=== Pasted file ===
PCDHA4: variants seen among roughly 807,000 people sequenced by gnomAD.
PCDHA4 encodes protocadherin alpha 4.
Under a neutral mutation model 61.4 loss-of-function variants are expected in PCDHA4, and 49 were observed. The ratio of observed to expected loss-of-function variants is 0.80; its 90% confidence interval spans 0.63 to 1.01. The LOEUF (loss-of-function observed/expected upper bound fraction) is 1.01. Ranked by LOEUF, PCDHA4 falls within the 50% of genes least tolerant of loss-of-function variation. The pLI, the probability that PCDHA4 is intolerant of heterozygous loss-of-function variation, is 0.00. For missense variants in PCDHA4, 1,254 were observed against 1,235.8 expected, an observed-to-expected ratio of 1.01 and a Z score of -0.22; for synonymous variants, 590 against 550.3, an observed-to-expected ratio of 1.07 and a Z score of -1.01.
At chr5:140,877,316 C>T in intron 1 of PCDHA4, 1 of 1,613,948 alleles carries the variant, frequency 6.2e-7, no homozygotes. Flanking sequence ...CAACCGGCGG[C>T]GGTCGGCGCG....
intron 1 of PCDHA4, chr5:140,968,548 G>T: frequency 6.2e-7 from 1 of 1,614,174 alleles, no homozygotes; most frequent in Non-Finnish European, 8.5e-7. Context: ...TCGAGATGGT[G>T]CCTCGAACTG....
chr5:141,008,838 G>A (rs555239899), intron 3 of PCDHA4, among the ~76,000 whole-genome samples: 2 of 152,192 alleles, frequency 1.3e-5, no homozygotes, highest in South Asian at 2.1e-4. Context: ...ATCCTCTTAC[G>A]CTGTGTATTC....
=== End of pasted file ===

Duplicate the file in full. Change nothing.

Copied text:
PCDHA4: variants seen among roughly 807,000 people sequenced by gnomAD.
PCDHA4 encodes protocadherin alpha 4.
Under a neutral mutation model 61.4 loss-of-function variants are expected in PCDHA4, and 49 were observed. The ratio of observed to expected loss-of-function variants is 0.80; its 90% confidence interval spans 0.63 to 1.01. The LOEUF (loss-of-function observed/expected upper bound fraction) is 1.01. Ranked by LOEUF, PCDHA4 falls within the 50% of genes least tolerant of loss-of-function variation. The pLI, the probability that PCDHA4 is intolerant of heterozygous loss-of-function variation, is 0.00. For missense variants in PCDHA4, 1,254 were observed against 1,235.8 expected, an observed-to-expected ratio of 1.01 and a Z score of -0.22; for synonymous variants, 590 against 550.3, an observed-to-expected ratio of 1.07 and a Z score of -1.01.
At chr5:140,877,316 C>T in intron 1 of PCDHA4, 1 of 1,613,948 alleles carries the variant, frequency 6.2e-7, no homozygotes. Flanking sequence ...CAACCGGCGG[C>T]GGTCGGCGCG....
intron 1 of PCDHA4, chr5:140,968,548 G>T: frequency 6.2e-7 from 1 of 1,614,174 alleles, no homozygotes; most frequent in Non-Finnish European, 8.5e-7. Context: ...TCGAGATGGT[G>T]CCTCGAACTG....
chr5:141,008,838 G>A (rs555239899), intron 3 of PCDHA4, among the ~76,000 whole-genome samples: 2 of 152,192 alleles, frequency 1.3e-5, no homozygotes, highest in South Asian at 2.1e-4. Context: ...ATCCTCTTAC[G>A]CTGTGTATTC....